Me: So did you hear the news about Kelly Bires being released from JR Motorsports?
Michael: I did not.
Me: They’re replacing him with Jamie McMurray for nine races. So that got me thinking about the pressure to succeed and to do well. How do you deal with that? I mean it just seems like it’s this thing that’s always hanging over everyone’s head all the time.
Michael: You definitely feel a lot of pressure but the biggest thing is to just control everything you can control and not try to drive above your head. We all got to where we are in this sport and if you just continue doing that you’re going to perform like you need to. People try, I think, to do too much and I’m not saying that’s what Kelly did, I think he’s a great driver, that’s actually shocking to hear that that happened. It’s just when you see a lot of people trying to doing too much and get in over their head and start tearing up equipment. If you have a good relationship with your team and you guys all have the same goals and you all want the same thing and you do everything that got you to where you are, you should perform like you should and everybody’s going to be happy in the long run.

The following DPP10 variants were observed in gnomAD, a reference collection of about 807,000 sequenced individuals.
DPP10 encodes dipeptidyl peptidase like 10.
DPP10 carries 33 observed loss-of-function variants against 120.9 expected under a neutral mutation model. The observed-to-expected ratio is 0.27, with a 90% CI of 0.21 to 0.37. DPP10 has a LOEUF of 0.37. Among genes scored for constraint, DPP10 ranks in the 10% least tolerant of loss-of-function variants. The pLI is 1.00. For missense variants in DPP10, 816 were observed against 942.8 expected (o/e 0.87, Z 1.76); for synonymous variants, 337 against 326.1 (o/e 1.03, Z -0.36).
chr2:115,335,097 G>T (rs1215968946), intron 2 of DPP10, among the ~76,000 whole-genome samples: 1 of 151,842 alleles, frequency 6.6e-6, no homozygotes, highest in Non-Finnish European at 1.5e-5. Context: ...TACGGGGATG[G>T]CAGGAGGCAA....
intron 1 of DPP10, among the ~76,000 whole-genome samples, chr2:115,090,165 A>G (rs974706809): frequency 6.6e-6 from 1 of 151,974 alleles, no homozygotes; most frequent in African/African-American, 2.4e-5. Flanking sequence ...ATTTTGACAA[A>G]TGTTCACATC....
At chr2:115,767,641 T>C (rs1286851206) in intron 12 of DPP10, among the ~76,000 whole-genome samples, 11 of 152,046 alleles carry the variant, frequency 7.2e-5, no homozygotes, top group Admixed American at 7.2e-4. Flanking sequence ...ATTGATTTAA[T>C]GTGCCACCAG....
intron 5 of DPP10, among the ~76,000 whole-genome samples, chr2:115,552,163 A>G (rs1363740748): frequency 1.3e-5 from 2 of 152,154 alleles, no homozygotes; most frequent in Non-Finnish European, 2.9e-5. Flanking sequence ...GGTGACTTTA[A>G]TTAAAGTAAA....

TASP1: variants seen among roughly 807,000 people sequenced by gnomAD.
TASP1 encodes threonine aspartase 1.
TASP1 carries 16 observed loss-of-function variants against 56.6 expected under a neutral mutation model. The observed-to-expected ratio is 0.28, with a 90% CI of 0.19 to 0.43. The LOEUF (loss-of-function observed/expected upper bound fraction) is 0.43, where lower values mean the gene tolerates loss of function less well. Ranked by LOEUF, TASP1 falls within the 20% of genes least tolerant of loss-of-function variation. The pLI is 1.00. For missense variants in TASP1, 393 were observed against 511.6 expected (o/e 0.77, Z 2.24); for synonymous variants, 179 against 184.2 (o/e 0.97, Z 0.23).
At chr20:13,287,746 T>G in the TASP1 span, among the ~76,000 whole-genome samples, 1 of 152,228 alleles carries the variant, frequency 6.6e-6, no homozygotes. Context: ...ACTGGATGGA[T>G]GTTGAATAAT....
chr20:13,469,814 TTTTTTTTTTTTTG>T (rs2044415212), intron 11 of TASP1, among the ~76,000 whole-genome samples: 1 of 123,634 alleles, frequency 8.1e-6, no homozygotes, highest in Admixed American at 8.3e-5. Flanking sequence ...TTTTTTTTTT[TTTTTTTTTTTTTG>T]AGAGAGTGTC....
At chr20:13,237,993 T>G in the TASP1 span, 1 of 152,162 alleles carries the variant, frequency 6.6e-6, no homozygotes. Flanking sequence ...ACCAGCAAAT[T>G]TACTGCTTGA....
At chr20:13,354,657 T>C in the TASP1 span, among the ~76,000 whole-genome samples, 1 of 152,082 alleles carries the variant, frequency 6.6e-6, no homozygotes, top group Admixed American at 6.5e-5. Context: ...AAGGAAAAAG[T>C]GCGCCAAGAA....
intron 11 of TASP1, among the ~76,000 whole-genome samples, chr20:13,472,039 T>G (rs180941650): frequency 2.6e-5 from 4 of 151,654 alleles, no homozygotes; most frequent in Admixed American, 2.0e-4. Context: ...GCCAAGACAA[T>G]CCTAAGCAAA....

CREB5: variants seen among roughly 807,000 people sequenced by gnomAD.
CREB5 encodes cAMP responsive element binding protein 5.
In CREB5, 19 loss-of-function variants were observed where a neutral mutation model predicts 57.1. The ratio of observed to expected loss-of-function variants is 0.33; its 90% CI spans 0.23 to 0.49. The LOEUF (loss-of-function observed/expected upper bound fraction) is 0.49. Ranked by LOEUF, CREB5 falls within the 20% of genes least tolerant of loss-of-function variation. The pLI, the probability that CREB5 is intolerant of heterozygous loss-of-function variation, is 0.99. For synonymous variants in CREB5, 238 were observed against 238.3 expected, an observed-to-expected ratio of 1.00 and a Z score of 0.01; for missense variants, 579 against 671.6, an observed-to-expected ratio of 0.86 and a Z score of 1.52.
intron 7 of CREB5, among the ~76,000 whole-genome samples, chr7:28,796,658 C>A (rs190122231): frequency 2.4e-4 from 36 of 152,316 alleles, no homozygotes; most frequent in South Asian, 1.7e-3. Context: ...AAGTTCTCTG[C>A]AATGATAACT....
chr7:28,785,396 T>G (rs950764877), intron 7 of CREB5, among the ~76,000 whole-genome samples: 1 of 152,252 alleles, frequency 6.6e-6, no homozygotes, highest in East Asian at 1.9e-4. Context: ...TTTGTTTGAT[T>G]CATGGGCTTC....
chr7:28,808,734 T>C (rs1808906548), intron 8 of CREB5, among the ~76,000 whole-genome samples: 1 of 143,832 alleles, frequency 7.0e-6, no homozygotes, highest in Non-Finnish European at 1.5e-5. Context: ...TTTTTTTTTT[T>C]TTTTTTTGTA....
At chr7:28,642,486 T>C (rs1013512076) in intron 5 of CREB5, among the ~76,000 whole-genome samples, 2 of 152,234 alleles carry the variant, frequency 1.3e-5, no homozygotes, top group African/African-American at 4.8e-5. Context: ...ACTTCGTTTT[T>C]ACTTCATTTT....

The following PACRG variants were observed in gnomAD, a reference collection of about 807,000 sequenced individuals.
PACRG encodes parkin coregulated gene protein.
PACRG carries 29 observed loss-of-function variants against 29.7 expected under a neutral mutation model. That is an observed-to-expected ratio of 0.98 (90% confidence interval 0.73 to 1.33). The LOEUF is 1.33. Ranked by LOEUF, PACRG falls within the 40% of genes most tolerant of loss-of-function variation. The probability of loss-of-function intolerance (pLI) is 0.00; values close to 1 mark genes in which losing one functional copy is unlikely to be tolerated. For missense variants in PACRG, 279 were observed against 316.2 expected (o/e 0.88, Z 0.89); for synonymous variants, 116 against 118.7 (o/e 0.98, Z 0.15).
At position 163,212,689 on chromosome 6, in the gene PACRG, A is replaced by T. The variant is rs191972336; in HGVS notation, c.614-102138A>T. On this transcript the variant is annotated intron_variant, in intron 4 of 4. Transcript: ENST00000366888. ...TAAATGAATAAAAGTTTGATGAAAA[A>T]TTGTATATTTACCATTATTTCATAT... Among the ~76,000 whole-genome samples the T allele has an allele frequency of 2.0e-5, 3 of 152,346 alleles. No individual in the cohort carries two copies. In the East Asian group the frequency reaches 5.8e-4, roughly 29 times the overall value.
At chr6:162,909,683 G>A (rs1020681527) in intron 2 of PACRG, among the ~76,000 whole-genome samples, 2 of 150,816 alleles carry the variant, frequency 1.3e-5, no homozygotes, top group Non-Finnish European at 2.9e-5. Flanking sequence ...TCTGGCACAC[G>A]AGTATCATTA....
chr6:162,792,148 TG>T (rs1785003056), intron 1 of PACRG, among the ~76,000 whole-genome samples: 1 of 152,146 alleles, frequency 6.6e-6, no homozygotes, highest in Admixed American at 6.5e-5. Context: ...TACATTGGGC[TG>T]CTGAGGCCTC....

Me: So outside of racing where would we find you? What are you most passionate about away from the track? What do you like to do?
Michael: I know it’s not outside of racing but I try to get to the shop everyday. Other than that, get a workout in and it’s fun time from there on out, like going out on the lake or going mountain biking. I’ve never been much of a fisherman but that’s kind of a past love. We’ve been out on the lake fishing everyday and it’s just fun. It’s relaxing and definitely something to be able to go out with a bunch of buddies and if you want to talk about racing you can, or if not it can be the furthest thing from your mind.
Me: How would your friends and family describe your personality? What kind of guy are you?
Michael: I always get told from people that they’ve heard that I’m really quiet, that I’m the quiet guy. I guess I’m just more shy in the beginning and then I get comfortable and can trust you I definitely open up and then people start think I’m obnoxious and need to be quiet. It’s pretty much if I’m comfortable with you I’m a lot of fun to be around, but some people think I come off as a jerk sometimes just because I’m quiet but it’s really more of a shyness thing than trying to be stubborn or not wanting to talk to ya.
Me: I’ve seen the Nationwide Series commercial that’s about you, I don’t think you’re actually in it, but the guy is reciting facts about you and says that your favorite food is grilled cheese with the crusts cut off, is that true?